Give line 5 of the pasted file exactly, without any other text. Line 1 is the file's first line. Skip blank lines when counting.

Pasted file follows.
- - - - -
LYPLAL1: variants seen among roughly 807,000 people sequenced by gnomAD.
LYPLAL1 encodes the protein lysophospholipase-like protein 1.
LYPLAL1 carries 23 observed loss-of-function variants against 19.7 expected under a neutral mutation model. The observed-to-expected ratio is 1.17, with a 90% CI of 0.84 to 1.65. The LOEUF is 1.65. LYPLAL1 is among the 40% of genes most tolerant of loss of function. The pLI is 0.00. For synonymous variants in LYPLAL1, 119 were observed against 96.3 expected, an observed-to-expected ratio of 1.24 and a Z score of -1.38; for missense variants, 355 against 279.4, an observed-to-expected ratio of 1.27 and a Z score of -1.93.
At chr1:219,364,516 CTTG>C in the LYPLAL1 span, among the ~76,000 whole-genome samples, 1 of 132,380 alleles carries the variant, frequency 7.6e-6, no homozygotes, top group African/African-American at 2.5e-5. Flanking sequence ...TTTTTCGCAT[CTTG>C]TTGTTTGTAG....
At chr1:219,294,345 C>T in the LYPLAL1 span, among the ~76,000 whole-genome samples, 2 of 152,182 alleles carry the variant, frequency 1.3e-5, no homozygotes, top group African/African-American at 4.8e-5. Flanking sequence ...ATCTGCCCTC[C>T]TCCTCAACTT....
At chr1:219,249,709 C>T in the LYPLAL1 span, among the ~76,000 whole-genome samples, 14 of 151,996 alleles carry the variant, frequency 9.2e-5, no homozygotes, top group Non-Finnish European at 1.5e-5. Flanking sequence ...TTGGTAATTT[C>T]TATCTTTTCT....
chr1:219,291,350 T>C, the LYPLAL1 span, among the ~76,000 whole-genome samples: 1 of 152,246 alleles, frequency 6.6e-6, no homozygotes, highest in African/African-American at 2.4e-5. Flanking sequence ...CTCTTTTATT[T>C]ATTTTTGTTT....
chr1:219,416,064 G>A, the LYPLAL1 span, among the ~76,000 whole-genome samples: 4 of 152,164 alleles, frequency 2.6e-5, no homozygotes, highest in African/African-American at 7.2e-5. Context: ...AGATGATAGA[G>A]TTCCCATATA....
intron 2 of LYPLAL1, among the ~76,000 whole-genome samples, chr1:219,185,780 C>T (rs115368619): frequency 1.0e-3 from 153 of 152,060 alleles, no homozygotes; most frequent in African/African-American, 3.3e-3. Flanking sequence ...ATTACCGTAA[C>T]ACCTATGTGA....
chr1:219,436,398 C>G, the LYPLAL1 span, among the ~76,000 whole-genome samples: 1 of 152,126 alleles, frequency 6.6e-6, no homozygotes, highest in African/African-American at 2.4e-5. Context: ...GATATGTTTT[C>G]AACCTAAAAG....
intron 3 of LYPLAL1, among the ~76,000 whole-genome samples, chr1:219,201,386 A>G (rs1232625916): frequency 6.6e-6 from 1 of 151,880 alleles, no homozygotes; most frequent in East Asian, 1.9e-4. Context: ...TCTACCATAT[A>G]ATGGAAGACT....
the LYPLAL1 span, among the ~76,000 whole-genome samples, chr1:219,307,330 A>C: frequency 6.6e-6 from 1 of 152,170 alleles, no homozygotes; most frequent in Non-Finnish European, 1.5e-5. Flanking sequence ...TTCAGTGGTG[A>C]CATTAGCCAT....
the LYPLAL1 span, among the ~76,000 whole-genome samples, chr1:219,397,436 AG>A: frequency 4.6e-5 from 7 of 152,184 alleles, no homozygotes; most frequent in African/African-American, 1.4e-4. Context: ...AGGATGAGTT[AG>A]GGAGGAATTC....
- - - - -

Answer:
At chr1:219,294,345 C>T in the LYPLAL1 span, among the ~76,000 whole-genome samples, 2 of 152,182 alleles carry the variant, frequency 1.3e-5, no homozygotes, top group African/African-American at 4.8e-5. Flanking sequence ...ATCTGCCCTC[C>T]TCCTCAACTT....